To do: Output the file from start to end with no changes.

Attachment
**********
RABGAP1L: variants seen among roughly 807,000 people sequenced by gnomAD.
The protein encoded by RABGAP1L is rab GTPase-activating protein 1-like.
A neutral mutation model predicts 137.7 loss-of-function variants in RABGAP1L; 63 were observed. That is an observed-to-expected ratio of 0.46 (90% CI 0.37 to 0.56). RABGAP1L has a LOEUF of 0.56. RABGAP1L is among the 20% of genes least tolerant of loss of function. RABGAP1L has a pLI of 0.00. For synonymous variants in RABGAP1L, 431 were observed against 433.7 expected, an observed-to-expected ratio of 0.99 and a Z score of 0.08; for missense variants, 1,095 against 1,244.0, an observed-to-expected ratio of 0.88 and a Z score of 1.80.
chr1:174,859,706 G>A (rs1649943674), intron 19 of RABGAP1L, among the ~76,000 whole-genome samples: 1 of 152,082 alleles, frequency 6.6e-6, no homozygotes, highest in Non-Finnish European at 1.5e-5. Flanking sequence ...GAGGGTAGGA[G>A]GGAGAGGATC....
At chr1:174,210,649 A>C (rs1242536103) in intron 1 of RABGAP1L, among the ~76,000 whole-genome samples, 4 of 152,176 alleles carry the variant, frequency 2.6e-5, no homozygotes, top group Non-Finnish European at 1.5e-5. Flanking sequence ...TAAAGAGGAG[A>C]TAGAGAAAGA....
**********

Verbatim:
RABGAP1L: variants seen among roughly 807,000 people sequenced by gnomAD.
The protein encoded by RABGAP1L is rab GTPase-activating protein 1-like.
A neutral mutation model predicts 137.7 loss-of-function variants in RABGAP1L; 63 were observed. That is an observed-to-expected ratio of 0.46 (90% CI 0.37 to 0.56). RABGAP1L has a LOEUF of 0.56. RABGAP1L is among the 20% of genes least tolerant of loss of function. RABGAP1L has a pLI of 0.00. For synonymous variants in RABGAP1L, 431 were observed against 433.7 expected, an observed-to-expected ratio of 0.99 and a Z score of 0.08; for missense variants, 1,095 against 1,244.0, an observed-to-expected ratio of 0.88 and a Z score of 1.80.
chr1:174,859,706 G>A (rs1649943674), intron 19 of RABGAP1L, among the ~76,000 whole-genome samples: 1 of 152,082 alleles, frequency 6.6e-6, no homozygotes, highest in Non-Finnish European at 1.5e-5. Flanking sequence ...GAGGGTAGGA[G>A]GGAGAGGATC....
At chr1:174,210,649 A>C (rs1242536103) in intron 1 of RABGAP1L, among the ~76,000 whole-genome samples, 4 of 152,176 alleles carry the variant, frequency 2.6e-5, no homozygotes, top group Non-Finnish European at 1.5e-5. Flanking sequence ...TAAAGAGGAG[A>C]TAGAGAAAGA....